Becoming fully human: Occupational therapy students challenge stereotypes in the prison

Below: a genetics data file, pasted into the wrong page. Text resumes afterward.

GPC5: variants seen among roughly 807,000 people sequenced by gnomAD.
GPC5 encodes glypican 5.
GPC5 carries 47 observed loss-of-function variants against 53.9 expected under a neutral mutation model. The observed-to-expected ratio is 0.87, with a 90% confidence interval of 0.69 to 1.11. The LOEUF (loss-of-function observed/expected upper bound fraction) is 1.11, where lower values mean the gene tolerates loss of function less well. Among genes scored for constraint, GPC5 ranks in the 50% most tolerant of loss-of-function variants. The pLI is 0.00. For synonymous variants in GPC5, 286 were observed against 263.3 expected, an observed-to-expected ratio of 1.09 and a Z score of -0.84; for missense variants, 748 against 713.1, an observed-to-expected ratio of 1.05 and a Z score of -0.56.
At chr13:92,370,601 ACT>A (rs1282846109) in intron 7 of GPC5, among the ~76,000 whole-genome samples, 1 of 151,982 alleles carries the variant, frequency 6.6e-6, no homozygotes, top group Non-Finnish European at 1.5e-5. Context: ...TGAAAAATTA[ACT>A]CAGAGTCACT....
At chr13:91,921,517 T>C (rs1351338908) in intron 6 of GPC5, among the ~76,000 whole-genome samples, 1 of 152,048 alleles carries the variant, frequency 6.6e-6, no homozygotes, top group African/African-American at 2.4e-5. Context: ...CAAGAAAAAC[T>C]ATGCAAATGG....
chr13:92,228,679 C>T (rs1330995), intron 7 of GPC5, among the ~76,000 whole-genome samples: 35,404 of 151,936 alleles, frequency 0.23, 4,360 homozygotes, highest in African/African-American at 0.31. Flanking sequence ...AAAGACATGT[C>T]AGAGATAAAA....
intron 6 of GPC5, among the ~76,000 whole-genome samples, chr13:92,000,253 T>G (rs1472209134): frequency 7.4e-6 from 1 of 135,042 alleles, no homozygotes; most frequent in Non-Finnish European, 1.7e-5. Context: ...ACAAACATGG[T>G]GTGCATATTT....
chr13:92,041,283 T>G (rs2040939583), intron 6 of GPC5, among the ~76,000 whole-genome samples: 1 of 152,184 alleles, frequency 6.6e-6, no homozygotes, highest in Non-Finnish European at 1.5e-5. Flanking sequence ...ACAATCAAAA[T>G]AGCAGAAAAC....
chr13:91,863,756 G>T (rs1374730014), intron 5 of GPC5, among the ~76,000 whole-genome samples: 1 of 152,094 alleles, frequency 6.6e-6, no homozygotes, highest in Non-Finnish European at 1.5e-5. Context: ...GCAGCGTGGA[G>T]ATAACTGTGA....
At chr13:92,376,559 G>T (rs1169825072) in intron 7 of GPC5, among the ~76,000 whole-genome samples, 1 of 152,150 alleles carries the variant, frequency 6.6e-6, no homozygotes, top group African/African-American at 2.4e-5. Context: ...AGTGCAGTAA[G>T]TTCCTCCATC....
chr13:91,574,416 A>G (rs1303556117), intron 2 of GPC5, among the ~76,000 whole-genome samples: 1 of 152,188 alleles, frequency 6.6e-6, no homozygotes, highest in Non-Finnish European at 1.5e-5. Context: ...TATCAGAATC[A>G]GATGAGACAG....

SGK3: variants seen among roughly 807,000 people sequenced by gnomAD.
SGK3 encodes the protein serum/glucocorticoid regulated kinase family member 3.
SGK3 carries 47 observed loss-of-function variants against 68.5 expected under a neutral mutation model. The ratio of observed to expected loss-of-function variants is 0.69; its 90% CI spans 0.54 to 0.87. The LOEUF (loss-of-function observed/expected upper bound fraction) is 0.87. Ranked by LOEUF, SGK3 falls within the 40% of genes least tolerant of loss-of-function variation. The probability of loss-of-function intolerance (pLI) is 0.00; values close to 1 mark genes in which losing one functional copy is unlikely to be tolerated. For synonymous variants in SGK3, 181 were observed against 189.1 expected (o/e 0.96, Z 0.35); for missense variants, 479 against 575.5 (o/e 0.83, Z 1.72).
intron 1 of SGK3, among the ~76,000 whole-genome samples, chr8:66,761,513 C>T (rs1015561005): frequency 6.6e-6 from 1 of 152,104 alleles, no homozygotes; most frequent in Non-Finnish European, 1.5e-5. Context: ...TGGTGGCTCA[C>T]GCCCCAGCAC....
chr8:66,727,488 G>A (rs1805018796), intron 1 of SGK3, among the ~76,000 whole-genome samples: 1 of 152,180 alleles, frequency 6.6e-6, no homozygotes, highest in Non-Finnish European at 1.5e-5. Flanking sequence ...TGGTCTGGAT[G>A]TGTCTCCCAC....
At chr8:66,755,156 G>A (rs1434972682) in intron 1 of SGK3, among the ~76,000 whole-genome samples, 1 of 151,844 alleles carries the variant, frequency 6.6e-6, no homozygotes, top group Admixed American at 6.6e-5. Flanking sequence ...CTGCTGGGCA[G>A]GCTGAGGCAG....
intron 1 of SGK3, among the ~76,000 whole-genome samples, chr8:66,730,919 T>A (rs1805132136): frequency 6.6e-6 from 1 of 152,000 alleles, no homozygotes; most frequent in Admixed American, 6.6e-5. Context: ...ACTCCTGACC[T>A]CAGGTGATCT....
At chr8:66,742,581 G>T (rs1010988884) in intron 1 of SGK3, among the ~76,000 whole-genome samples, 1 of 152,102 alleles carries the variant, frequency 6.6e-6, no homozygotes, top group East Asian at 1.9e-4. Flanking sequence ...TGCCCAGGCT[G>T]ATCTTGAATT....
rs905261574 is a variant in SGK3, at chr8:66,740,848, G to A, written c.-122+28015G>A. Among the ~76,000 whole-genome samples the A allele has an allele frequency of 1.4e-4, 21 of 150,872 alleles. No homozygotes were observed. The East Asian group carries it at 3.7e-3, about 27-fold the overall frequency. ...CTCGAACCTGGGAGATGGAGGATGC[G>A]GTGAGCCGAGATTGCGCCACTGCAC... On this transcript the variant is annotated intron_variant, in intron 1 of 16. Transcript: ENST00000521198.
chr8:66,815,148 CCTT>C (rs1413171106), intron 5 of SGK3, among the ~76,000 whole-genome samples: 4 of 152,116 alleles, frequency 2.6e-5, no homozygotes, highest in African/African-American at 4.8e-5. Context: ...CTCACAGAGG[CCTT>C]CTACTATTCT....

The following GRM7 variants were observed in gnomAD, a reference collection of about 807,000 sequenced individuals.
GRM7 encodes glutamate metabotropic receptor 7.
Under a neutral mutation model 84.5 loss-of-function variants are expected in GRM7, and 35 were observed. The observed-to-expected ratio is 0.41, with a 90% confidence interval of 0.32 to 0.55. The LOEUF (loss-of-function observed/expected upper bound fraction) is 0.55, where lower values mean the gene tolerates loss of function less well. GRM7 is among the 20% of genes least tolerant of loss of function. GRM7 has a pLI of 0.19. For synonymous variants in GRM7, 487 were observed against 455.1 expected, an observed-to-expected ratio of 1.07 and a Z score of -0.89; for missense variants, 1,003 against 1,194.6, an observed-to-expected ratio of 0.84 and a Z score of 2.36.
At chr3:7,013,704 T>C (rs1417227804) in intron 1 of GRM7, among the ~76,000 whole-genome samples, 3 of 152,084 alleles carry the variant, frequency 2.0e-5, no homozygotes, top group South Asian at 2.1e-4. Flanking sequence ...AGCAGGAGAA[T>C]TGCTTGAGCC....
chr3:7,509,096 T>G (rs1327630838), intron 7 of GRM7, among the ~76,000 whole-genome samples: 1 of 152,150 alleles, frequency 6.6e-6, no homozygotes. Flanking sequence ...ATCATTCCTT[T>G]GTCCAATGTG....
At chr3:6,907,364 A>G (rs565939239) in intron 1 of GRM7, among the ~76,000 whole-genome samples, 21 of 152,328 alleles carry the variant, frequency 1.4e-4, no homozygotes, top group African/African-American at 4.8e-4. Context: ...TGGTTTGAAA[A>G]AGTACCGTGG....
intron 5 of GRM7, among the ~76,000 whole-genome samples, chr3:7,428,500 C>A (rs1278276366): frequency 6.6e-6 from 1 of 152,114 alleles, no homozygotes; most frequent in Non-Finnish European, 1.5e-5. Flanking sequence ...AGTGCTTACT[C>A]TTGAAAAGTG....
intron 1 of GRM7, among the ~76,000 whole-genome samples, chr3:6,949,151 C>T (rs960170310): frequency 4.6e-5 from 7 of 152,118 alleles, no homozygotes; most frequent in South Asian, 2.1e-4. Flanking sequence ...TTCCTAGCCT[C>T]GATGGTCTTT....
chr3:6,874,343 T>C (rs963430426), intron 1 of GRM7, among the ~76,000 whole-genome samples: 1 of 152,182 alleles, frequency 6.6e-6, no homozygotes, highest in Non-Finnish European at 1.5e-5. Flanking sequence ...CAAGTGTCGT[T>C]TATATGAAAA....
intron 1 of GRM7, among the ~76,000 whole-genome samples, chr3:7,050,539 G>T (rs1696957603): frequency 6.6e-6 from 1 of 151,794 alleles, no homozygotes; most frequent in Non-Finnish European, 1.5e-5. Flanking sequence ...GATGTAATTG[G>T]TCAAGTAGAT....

Smidl, Sarah